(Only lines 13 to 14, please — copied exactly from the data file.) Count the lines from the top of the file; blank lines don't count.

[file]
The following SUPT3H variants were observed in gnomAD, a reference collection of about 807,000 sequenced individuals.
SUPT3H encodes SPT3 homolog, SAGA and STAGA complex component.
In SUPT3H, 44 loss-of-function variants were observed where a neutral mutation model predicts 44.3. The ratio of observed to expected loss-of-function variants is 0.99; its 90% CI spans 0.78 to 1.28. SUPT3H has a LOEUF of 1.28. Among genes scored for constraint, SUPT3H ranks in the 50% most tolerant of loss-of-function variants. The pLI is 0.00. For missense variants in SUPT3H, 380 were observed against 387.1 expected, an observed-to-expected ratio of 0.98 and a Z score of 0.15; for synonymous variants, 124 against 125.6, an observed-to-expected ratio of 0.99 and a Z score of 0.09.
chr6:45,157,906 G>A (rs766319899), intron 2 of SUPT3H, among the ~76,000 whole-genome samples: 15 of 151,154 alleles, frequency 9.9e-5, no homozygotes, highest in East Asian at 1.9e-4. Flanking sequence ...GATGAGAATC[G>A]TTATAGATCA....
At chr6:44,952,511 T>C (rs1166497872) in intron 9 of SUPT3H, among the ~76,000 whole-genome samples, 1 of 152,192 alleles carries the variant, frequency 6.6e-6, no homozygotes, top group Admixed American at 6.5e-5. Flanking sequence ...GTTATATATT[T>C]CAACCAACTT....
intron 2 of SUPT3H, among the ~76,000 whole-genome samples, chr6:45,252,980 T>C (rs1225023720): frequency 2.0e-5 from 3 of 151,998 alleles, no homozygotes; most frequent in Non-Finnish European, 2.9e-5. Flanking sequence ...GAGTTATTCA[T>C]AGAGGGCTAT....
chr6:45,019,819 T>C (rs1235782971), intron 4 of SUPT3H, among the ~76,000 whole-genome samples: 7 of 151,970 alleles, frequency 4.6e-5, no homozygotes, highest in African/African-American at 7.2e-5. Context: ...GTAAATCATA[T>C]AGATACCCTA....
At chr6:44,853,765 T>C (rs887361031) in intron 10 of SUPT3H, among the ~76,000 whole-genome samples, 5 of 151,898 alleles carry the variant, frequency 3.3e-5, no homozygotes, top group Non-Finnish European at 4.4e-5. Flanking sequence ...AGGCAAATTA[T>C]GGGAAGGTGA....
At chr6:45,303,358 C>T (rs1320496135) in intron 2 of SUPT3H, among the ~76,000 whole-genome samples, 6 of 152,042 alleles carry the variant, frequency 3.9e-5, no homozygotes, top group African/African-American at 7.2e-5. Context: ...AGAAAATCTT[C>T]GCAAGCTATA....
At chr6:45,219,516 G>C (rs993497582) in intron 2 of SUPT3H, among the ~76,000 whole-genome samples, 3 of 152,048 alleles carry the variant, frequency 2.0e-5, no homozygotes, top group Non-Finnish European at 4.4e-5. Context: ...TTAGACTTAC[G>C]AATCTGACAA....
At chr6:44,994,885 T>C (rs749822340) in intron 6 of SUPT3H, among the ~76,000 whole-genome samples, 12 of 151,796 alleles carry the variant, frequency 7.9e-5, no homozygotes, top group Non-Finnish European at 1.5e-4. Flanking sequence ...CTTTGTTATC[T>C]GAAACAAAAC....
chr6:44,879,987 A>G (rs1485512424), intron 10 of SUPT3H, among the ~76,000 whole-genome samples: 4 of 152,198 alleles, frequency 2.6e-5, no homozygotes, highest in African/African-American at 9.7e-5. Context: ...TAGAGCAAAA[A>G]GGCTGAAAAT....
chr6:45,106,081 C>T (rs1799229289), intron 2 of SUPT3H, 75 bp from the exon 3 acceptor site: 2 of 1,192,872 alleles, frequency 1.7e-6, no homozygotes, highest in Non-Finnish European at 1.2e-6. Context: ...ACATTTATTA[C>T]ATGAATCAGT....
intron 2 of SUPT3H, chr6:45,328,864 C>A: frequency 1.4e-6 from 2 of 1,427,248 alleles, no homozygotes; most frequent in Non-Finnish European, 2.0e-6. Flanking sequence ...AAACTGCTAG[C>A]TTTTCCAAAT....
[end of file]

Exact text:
chr6:45,106,081 C>T (rs1799229289), intron 2 of SUPT3H, 75 bp from the exon 3 acceptor site: 2 of 1,192,872 alleles, frequency 1.7e-6, no homozygotes, highest in Non-Finnish European at 1.2e-6. Context: ...ACATTTATTA[C>T]ATGAATCAGT....
intron 2 of SUPT3H, chr6:45,328,864 C>A: frequency 1.4e-6 from 2 of 1,427,248 alleles, no homozygotes; most frequent in Non-Finnish European, 2.0e-6. Flanking sequence ...AAACTGCTAG[C>A]TTTTCCAAAT....